Gamble Breaux has a fairly introspective nature, attentive to his special inner qualities which enable him to perceive the very essence of the people he meets, the situations he encounters, and the objects he sees. He has the ability to understand through his intuition. This faculty is based upon an openness to the other, and thus a certain duality: a budding extroversion, and the predominance of the object over the subject (hisself) in his consciousness. As a result, he has a strong sense of the group and would sacrifice his own ego rather than commit something that is a sin in his eyes, neglecting his social obligations or failing to fulfill his duties to the people he is close to. He can sometimes be perceived by others as unreliable or untrustworthy, due to a sort of opportunism or disloyalty.
However, these are superficial characteristics. The real reason for his behavior is psychological and resides in the fact that he is ready to do anything to maintain the harmony of the group (or simply satisfy the expectations of the other). However, he sometimes lacks self-assertion, and this makes him contradictory and unreliable when he faces certain superficial decisions.
Moreover, he has a chameleon-like ability to blend in with situations and prevailing moods. He is thus quite a success in social settings, and he thrives on friendships, partnerships, networks, and corporate liaisons. His mind is amazingly flexible, arranging harmonious and productive encounters between people and ideas. All of his emotional health is invested in a desire to participate, to mingle, to exchange. Although he is consciously aware of an ardent desire to be sociable, unconsciously he blames himself for failing to achieve his ideal goal, which always seems to elude him. This is why he sometimes has phases of discouragement, followed by renewed zeal in his work efforts or group participation. Because he is always seeking the perfect group, the ideal form of cooperation, he sometimes despair of ever attaining it. He has a natural tendency to find common ground for people, to reconcile differing opinions and viewpoints, and he is partial to any arrangement which promotes cooperation or fellowship.
Because he is not aggressive by nature, he knows how to make peace; he is a skillful diplomat and go-between. As a corollary to his opening to society, he is closely related to his environment. The society in which he moves contributes in large part to the formation of his character and attitude.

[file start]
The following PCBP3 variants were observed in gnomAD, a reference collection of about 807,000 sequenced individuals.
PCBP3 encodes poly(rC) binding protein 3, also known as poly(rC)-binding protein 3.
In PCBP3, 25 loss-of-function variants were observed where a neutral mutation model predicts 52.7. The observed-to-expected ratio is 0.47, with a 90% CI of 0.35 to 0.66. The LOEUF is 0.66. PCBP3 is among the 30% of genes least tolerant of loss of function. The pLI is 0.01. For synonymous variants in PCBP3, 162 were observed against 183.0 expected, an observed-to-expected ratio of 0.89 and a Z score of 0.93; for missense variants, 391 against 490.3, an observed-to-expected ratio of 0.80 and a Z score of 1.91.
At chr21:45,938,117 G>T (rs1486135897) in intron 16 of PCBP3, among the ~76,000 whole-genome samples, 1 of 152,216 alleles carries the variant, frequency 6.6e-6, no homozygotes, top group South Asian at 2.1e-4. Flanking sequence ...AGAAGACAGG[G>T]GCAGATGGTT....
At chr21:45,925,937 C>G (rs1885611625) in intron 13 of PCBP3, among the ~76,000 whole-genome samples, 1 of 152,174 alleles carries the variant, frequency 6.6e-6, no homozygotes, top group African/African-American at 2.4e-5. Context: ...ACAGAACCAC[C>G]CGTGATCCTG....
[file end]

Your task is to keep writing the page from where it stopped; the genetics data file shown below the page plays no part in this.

Gamble Breaux has a personality which may seem somewhat aloof and introspective. In fact, he is not inclined to submit to anyone's influence, and leads the independent, solitary life of the individualist. Sometimes skeptical (if not pessimistic) and resigned, he is still shrewd and objective in his insights and judgments. He has a fairly severe, “no-frills” vision of life, and only the pure, bare essence really matters to him. His personal stability tends to be founded on enduring values—philosophical or scientific facts in relation to spiritual value. Sometimes he seems detached and weary, or disillusioned, and he does not readily express his feelings and emotions. However, his inner sensitivity should not be underestimated. Although his demeanor is serious, it is tempered by a desire for company and sociability which is best satisfied by group activities. When his sense of administration and social responsibility take over, he engages himself with enthusiasm. He has an instinct for parceling out energies as a function of long-term strategy, and could easily become an efficient and highly respected manager of some kind.
Gamble Breaux needs movement. He is a talented communicator.
Gamble Breaux has a sense of selfless duty and devotion. Work is one of the most important aspects of life for him.
Gamble Breaux has a good balance between his need for movement and his tendency to be sedentary. He is just as likely to adapt to situations which require outbursts of initiative as to those which demand patience and perseverance.
Gamble Breaux was born between three and one-half and seven days after the rising of the full moon, which is said to be a “shining moon” type. This soli-lunar configuration gives him a shining personality which is apt to communicate and transmit ideas. Throughout his life, he will be attracted to the idea of acting as a spokesperson for a cause, idea, or person whose message seems essential to him. He will have to develop his powers of discernment, to determine which subjects or people are really worth his personal commitment.